Two latent fingerprints suitable for comparison were lifted from Parfitt’s shipment-one from a preserve jar and the other from the lamp chimney. After classifying the lifted fingerprints into a general category by using a magnifying glass, the Fingerprint Identification Officer checked them against the fingerprints of the Jamieson family which had been voluntarily obtained by Parfitt and sent along with the exhibits. In those pre-computer days, once it was established that neither of the lifted fingerprints belonged to anyone living in the Jamieson home, the examiner had a tedious time-consuming task ahead of him. A manual search and comparison had to be made with prints on file collected from persons across Canada that had been charged with a criminal offence. The only way this tedious search could be hastened would be for the investigators to provide the examiner with the names of possible suspects whose prints might be on file.

Sometimes the examiner’s painstaking search could all be for naught. If the lifted fingerprints belonged to someone with no previous criminal record they would not be on file. In such circumstances the examiner would be required to hold them in abeyance until investigators provided prints for comparison from possible suspects. These were not always easily obtainable since persons merely suspected of a crime and not under arrest were not required by law to provide fingerprints solely for comparison purposes.

Chief Inspector Ward and Inspector Kelly arrived at the La Verendrye hospital in time to re-interview Mrs. Jamieson just before she died of infectious toxemia resulting from her burns. She was unable to provide any additional information on her attackers so the detectives set about gathering as much information as possible from people connected to the family. Aware of the need for the names of suspects for fingerprint comparison, they also used the gossip mill to spread the word about the fingerprints found on Constable Parfitt’s submitted items. The latter produced a big break in the case.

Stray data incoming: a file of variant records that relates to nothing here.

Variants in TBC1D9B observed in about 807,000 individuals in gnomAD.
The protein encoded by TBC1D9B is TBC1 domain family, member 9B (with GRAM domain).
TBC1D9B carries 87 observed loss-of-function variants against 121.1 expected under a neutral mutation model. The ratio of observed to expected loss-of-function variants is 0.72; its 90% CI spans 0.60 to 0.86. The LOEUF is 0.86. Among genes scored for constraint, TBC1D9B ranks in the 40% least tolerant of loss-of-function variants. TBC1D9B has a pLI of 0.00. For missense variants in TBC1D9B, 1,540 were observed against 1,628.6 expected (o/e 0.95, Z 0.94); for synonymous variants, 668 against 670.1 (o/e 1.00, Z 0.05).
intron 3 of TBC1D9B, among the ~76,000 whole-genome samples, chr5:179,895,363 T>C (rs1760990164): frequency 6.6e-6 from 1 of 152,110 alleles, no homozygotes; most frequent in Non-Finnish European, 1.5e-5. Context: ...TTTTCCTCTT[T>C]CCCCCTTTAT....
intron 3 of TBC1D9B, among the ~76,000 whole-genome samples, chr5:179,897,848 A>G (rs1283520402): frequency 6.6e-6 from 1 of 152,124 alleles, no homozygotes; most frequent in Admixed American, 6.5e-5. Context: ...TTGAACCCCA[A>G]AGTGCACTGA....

A Fort Frances resident approached Inspector Kelly and told him of overhearing three men in a Port Arthur (now Thunder Bay) cafe, 365 kilometres northeast, discussing the matter of the fingerprints in concerned hushed tones. He identified them as the Skrypnyk brothers and a man named Eino.

When the names of brothers Anthony and George Skrypnyk along with Eino Tillonen were proposed to the fingerprint examiner, he found the Skrypnyk brothers’ prints already on file. When he compared them with those lifted from the exhibits, George’s matched the one on the jar, and Anthony’s was on the lamp chimney. Bingo! Within six weeks of the attack, arrest warrants were issued. Wanted for murder were brothers Anthony, 21, and George Skrypnyk, 24, both known troublemakers from Atikokan, and Eino Tillonen, 18, of Port Arthur. The manhunt was on!

From their temporary base in Fort Frances, Inspectors Ward and Kelly followed leads that took them to Port Arthur and as far as Winnipeg. Manitoba, four hundred kilometres in the opposite direction. Most of the travel by the inspectors was done by rail because the entire area of OPP jurisdiction east of Thunder Bay to the Manitoba border was being policed by 32 members with only a dozen vehicles distributed amongst 18 detachments. By the end of July, all three suspects were arrested and interrogated. On August 5th the name of the fourth suspect was provided to police by an acquaintance and a week later the RCMP in Morris, Manitoba arrested William Schmidt, 28, of Fort Frances.

At the conclusion of their trial, all four were convicted of murder and sentenced to be hanged at Fort Frances. Local authorities requested the place of execution be moved to Kenora as the jail at Fort Frances had no proper gallows, but the request was refused on the ground that the murderers must die where they had committed their crime: the Rainy River District. Prior to the execution date, word came through that Tillonen’s sentence had been commuted to life imprisonment. Mainly because of his age, the eighteen-year-old had been recommended for mercy by the jury at his trial.

At the Fort Frances jail, the hangman used his ingenuity to construct a makeshift gallows by having a hole cut in the floor above the basement and another above it in the ceiling through which two ropes could be suspended from heavy beams. For added assurance, the ends of the ropes were tied to the legs of a heavy steel bathtub in an adjoining upstairs room. In this make-do execution chamber, in the early morning hours of March 1st, 1945, the sentences were carried out on Schmidt and the Skrypnyk brothers. Their fingerprints had sealed their fate.